In a historic decision that marked the prevalence of reasoning over a traditional approach, the Nigerian senate declared ‘Female Genital Mutilation’ as a criminal offense. The bill was signed by the former president Goodluck Jonathan on May 5. This was Jonathan’s last action in office before his successor Muhammadu Buhari was sworn in, and has received a lot of praise from the people.
‘Female Genital Mutilation’ is an act of removing external female genitalia either partially or totally. This practice, which prevails on account of cultural beliefs and traditions, has also been described as causing injuries in absence of medical facilities.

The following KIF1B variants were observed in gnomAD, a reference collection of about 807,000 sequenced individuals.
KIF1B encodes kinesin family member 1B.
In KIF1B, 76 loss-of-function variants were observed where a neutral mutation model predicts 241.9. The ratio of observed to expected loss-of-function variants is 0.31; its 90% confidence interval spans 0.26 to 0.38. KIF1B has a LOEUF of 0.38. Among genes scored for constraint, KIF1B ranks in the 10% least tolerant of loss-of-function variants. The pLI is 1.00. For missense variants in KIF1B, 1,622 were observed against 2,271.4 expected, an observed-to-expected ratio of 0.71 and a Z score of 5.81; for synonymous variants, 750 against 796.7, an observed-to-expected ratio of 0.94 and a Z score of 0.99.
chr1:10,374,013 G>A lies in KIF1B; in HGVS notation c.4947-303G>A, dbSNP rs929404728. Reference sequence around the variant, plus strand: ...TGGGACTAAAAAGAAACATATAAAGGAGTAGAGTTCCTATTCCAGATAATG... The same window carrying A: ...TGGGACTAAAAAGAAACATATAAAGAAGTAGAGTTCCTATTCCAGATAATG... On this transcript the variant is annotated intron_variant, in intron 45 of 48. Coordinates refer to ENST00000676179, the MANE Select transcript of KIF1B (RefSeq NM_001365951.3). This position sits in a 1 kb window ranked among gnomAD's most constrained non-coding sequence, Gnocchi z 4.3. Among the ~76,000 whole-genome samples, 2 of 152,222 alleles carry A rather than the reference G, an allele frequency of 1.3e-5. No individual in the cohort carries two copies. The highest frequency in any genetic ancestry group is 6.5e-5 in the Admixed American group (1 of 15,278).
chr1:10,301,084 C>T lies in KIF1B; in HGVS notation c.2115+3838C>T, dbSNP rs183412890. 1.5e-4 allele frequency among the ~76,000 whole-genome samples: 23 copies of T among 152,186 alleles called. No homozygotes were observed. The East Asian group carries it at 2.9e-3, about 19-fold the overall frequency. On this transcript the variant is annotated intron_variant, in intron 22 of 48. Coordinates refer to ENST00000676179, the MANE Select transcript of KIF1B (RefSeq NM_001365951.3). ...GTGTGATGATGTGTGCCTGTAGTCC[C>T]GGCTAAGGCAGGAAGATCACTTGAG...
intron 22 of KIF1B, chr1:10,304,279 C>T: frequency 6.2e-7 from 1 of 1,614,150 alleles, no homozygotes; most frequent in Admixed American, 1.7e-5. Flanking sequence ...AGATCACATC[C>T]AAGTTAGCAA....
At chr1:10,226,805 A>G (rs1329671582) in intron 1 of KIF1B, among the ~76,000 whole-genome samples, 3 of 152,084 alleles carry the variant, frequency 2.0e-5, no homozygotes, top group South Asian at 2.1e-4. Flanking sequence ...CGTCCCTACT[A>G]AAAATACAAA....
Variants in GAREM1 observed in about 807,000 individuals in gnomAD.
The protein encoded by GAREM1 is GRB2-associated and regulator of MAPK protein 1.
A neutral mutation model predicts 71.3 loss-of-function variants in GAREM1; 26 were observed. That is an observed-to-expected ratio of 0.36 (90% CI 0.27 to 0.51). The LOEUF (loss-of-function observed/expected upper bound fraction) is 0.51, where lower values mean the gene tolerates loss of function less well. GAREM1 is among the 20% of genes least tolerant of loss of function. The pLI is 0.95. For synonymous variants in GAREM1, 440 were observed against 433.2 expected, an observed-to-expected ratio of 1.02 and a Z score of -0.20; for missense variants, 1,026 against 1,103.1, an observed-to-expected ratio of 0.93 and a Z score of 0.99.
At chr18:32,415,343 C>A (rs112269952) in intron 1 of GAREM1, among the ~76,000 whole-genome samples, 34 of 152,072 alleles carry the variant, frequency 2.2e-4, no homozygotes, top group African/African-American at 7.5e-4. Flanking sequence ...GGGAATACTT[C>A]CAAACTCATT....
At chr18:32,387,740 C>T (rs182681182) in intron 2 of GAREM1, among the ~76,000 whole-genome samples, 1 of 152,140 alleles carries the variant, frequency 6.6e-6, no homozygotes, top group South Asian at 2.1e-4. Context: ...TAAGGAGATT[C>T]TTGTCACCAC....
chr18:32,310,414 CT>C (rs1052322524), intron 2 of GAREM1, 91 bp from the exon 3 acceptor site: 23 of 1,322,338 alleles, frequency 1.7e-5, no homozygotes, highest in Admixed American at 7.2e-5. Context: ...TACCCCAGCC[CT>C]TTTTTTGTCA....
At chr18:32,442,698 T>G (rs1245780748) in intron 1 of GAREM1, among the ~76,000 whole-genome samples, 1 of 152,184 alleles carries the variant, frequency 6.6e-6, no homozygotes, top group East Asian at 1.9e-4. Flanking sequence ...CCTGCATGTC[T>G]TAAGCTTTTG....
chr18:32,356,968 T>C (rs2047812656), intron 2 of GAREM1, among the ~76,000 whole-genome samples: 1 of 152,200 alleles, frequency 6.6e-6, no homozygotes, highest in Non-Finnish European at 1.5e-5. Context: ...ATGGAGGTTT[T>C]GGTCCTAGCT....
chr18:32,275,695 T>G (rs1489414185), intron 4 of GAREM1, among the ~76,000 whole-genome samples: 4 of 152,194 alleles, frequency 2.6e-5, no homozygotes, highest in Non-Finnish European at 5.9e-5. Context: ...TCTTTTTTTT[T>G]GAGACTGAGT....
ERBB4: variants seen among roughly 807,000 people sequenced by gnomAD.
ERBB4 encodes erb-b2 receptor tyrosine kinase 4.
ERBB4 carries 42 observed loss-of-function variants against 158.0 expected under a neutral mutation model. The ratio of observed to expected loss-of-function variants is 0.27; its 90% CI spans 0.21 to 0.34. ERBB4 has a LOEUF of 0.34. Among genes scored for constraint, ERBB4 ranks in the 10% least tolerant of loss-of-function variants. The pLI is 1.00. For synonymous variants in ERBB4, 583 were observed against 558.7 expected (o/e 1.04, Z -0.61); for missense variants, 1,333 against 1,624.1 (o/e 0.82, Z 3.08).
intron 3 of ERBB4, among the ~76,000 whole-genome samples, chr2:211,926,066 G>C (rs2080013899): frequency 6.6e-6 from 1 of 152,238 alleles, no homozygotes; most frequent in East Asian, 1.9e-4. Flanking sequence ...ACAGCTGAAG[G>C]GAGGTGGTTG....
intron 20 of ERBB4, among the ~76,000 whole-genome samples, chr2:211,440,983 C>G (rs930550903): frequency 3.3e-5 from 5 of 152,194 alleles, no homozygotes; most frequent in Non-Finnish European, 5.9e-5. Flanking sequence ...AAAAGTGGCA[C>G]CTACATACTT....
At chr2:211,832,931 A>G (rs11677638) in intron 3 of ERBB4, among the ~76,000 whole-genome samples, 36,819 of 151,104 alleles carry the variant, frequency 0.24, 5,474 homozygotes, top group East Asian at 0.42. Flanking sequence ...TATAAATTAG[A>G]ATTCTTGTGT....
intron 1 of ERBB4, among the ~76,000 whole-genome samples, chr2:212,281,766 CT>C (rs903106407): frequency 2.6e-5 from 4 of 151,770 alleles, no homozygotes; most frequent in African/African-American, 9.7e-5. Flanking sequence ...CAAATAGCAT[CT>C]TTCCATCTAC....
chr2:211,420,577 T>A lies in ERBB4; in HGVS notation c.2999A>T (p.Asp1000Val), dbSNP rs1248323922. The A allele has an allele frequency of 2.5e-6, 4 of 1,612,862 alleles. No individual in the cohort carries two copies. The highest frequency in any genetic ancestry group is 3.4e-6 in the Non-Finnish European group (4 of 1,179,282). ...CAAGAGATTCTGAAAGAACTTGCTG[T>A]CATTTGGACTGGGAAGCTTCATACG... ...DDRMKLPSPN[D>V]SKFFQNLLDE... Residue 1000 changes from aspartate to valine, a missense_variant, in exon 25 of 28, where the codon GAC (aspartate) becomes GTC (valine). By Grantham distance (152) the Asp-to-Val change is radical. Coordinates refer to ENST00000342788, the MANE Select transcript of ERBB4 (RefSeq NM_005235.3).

The process, often carried out without any medical attention in rural areas can prove fatal. Reports by UNICEF suggest that across Northern and Western Africa, around 130 million girls have experienced genital mutilation. But, thanks to cultural activism backed by global support, the numbers affected by this practice have come down considerably in the last 30 years.
The director of gender, violence and rights at the international centre for research on women echoes many experts when she suggests that a concentrated effort to change cultural and traditional views from the core, by way of education and social awareness campaigns, will be crucial in bringing this practice to an end.
The practice is prevalent in many African nations and also few Arab countries. The reasons for this practice are cited by practitioners as social obligations or religious requirement. Though many religious scholars have stated that such a practice has no mention in scriptures and is not required, people in the region still carry out this inhuman activity on varying degrees.